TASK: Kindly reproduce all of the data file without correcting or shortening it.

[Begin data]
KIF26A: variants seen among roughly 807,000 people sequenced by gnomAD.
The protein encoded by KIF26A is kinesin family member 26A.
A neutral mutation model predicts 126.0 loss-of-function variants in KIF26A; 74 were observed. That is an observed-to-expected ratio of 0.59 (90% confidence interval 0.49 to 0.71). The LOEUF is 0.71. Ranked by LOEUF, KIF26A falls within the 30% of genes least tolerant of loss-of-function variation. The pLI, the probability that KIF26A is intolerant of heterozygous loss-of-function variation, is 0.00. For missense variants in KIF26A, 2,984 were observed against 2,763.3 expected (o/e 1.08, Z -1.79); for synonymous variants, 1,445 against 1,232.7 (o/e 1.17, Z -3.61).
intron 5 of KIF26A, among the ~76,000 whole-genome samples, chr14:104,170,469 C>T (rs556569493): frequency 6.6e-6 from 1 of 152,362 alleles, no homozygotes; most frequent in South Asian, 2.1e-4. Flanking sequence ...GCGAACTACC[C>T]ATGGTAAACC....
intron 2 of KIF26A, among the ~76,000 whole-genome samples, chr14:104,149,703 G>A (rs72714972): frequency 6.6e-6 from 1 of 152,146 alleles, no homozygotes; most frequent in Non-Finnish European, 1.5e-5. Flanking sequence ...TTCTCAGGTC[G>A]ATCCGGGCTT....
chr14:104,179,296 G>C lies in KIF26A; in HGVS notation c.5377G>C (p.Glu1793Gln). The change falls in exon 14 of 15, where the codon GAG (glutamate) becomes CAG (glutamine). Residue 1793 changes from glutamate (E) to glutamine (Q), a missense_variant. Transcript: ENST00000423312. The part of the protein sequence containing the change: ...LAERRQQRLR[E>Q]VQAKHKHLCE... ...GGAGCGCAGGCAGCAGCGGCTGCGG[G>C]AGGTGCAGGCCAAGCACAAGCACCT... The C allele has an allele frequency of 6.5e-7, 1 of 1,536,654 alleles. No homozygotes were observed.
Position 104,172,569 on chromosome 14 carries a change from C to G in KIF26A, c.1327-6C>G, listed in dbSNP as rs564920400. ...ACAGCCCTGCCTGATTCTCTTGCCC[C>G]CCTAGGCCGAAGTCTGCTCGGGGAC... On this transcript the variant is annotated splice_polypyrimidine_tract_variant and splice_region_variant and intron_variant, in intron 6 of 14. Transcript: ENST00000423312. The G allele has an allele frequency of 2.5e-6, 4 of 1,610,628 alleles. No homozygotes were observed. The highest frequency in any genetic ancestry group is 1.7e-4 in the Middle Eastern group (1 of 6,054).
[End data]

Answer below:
KIF26A: variants seen among roughly 807,000 people sequenced by gnomAD.
The protein encoded by KIF26A is kinesin family member 26A.
A neutral mutation model predicts 126.0 loss-of-function variants in KIF26A; 74 were observed. That is an observed-to-expected ratio of 0.59 (90% confidence interval 0.49 to 0.71). The LOEUF is 0.71. Ranked by LOEUF, KIF26A falls within the 30% of genes least tolerant of loss-of-function variation. The pLI, the probability that KIF26A is intolerant of heterozygous loss-of-function variation, is 0.00. For missense variants in KIF26A, 2,984 were observed against 2,763.3 expected (o/e 1.08, Z -1.79); for synonymous variants, 1,445 against 1,232.7 (o/e 1.17, Z -3.61).
intron 5 of KIF26A, among the ~76,000 whole-genome samples, chr14:104,170,469 C>T (rs556569493): frequency 6.6e-6 from 1 of 152,362 alleles, no homozygotes; most frequent in South Asian, 2.1e-4. Flanking sequence ...GCGAACTACC[C>T]ATGGTAAACC....
intron 2 of KIF26A, among the ~76,000 whole-genome samples, chr14:104,149,703 G>A (rs72714972): frequency 6.6e-6 from 1 of 152,146 alleles, no homozygotes; most frequent in Non-Finnish European, 1.5e-5. Flanking sequence ...TTCTCAGGTC[G>A]ATCCGGGCTT....
chr14:104,179,296 G>C lies in KIF26A; in HGVS notation c.5377G>C (p.Glu1793Gln). The change falls in exon 14 of 15, where the codon GAG (glutamate) becomes CAG (glutamine). Residue 1793 changes from glutamate (E) to glutamine (Q), a missense_variant. Transcript: ENST00000423312. The part of the protein sequence containing the change: ...LAERRQQRLR[E>Q]VQAKHKHLCE... ...GGAGCGCAGGCAGCAGCGGCTGCGG[G>C]AGGTGCAGGCCAAGCACAAGCACCT... The C allele has an allele frequency of 6.5e-7, 1 of 1,536,654 alleles. No homozygotes were observed.
Position 104,172,569 on chromosome 14 carries a change from C to G in KIF26A, c.1327-6C>G, listed in dbSNP as rs564920400. ...ACAGCCCTGCCTGATTCTCTTGCCC[C>G]CCTAGGCCGAAGTCTGCTCGGGGAC... On this transcript the variant is annotated splice_polypyrimidine_tract_variant and splice_region_variant and intron_variant, in intron 6 of 14. Transcript: ENST00000423312. The G allele has an allele frequency of 2.5e-6, 4 of 1,610,628 alleles. No homozygotes were observed. The highest frequency in any genetic ancestry group is 1.7e-4 in the Middle Eastern group (1 of 6,054).